That's not how you compare per capita voting power. It's well known that the most populous states have less voting power per capita, because you need to compare number of voters to number of electoral votes.
I brought that all up in my original post, which is why I'm confused here. I said people who were calling Trump's election illegitimate were being idiots about it when someone else brought up his complaints about the EC and how that did make Trump's victory not a legitimate victory. It was a very close election but perfectly legitimate. Not only that, but the Great Lakes rust belt states playing a key role in the outcome makes perfect sense considering how they have largely been abandoned by everything good that has happened in this country for the last 30, 40, 50 years.
and yet the "swing" quarter of the country in reality matters more to the election than the biggest states (excepting Florida) and the smallest states.
The states I listed round out the top 10 in population, and Florida at #3 is a per-election contender for most important state. As for the smallest states, who cares? They already get proportionally more power according to slashdot posts.
(1) I think the system made more sense when the Constitution was ratified than it does today, with the federal government much more powerful today the reason for splitting things along state lines makes less sense
I disagree completely, but whatever. I find it hard to believe you can contemptuously look down on rural, out-of-state voters while simultaneously clamoring for a federal election or stronger federal powers. Every so often I read about state politics from other states and I often come away thanking god that they have no influence over my state government.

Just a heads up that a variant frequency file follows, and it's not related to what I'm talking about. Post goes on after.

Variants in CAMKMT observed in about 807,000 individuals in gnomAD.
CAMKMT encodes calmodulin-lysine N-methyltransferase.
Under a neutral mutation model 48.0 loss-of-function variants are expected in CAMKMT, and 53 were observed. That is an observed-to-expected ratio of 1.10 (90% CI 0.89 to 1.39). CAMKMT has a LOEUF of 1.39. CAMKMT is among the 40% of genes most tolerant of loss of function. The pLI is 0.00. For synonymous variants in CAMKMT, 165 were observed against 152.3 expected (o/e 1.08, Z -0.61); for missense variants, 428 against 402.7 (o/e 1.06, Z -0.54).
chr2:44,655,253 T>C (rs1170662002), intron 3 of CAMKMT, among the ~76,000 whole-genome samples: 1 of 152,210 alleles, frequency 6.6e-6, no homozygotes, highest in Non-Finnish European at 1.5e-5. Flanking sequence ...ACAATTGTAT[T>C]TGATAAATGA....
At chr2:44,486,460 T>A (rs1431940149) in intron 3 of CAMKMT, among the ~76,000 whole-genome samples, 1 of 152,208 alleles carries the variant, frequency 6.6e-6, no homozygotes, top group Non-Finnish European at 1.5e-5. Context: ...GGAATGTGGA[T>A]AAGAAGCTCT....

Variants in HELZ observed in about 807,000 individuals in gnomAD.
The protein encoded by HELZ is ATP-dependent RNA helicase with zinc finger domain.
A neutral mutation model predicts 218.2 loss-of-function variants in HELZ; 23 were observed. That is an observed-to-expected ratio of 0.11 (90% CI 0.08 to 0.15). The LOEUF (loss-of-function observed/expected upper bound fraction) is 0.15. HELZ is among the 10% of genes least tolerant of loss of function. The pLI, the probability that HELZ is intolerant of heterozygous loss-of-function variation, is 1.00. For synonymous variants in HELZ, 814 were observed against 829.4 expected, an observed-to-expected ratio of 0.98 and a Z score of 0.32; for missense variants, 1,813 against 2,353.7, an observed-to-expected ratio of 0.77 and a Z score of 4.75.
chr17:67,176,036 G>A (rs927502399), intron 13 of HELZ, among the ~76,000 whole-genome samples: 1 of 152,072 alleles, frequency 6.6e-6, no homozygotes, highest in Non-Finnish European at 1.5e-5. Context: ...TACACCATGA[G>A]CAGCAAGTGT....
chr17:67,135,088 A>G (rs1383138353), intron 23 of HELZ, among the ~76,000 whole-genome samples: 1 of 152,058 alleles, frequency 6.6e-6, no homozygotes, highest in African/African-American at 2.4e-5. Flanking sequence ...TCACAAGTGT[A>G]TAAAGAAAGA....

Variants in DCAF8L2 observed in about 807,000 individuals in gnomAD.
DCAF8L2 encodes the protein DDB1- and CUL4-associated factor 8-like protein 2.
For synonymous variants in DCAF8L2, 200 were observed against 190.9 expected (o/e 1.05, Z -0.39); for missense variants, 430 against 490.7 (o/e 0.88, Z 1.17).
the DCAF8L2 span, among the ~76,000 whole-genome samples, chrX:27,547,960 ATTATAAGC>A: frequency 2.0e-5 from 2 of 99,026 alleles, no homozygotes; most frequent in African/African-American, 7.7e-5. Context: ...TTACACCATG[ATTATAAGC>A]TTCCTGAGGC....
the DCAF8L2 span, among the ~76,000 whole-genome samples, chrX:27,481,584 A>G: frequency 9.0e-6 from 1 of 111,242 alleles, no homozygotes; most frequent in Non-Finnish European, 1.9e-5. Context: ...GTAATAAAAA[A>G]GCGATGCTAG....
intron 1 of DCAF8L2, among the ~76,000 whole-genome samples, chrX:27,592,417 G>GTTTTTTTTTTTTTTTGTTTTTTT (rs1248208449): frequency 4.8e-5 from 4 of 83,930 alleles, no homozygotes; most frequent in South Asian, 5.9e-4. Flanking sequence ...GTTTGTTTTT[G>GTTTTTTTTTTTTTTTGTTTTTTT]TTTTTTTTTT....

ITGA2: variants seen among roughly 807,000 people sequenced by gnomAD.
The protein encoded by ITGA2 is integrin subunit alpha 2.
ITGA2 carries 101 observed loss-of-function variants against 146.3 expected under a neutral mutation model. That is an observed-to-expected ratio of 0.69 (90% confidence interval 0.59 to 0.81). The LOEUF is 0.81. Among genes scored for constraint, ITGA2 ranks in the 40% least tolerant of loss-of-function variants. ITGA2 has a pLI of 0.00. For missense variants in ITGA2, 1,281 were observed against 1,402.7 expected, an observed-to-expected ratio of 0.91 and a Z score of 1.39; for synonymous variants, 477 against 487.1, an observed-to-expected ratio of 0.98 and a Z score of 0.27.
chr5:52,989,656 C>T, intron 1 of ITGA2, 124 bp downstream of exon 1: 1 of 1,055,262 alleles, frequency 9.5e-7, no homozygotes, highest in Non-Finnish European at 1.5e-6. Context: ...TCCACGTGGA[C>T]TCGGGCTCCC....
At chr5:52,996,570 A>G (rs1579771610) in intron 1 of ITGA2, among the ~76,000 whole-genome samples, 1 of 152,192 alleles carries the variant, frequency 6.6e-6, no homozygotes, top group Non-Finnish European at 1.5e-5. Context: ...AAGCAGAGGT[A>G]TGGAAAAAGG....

(2) I live in a large state and am unhappy that my vote proportionally counts for less.
This is where you're wrong: your vote counts for the ~15 or so EV that your state is apportioned. That is more influential and more powerful than any smaller states, no matter the per capita difference. There is no federal election, there is no national popular vote. It's a TV fabrication.
Trying to make reality fit to your imagination is working backwards, here, and comparing your vote within your state to another person's vote in another state is comparing apples to oranges, or your dollar purchasing power to their dollar purchasing power. A national vote tally would only simplify away people's opinions and concerns, not amplify them as you seem to think it would, thus diluting both your voting power and your actual enfranchisement. There's basically no realistic scenario where you would come out with more influence than you have under the EC.
Just take another look at this election: Clinton focused heavily on some swing states, but she also catered to progressive ideals that are highly popular in the states she dominated but which didn't resonate at all with millions of Midwesterners, even though the EC supposedly suppresses the influence of non-swing states! Not only that, but she basically ignored Wisconsin, choosing not to spend much resources or any time there, taking it for granted as a gimme. If the EC suppresses gimme states in favor of swing states, how did Wisconsin end up being one of the most important votes? Turns out their vote, which should have been marginalized and not mattered as much according to this anti-EC hypothetical, ended up mattering more in reality.
If you live in a high population state which is a gimme for your party, then your vote already matters: you are already being catered to. If you live in a high population state which is a gimme for the opposite party, then your vote already matters: the threat of any kind of swing turns your "ignored", but actually important, EVs into supremely important swing state EVs. If you live in a low population state, you generally don't get these benefits, since a low pop swing state has minimal impact, but you are already over-represented in government, so who cares?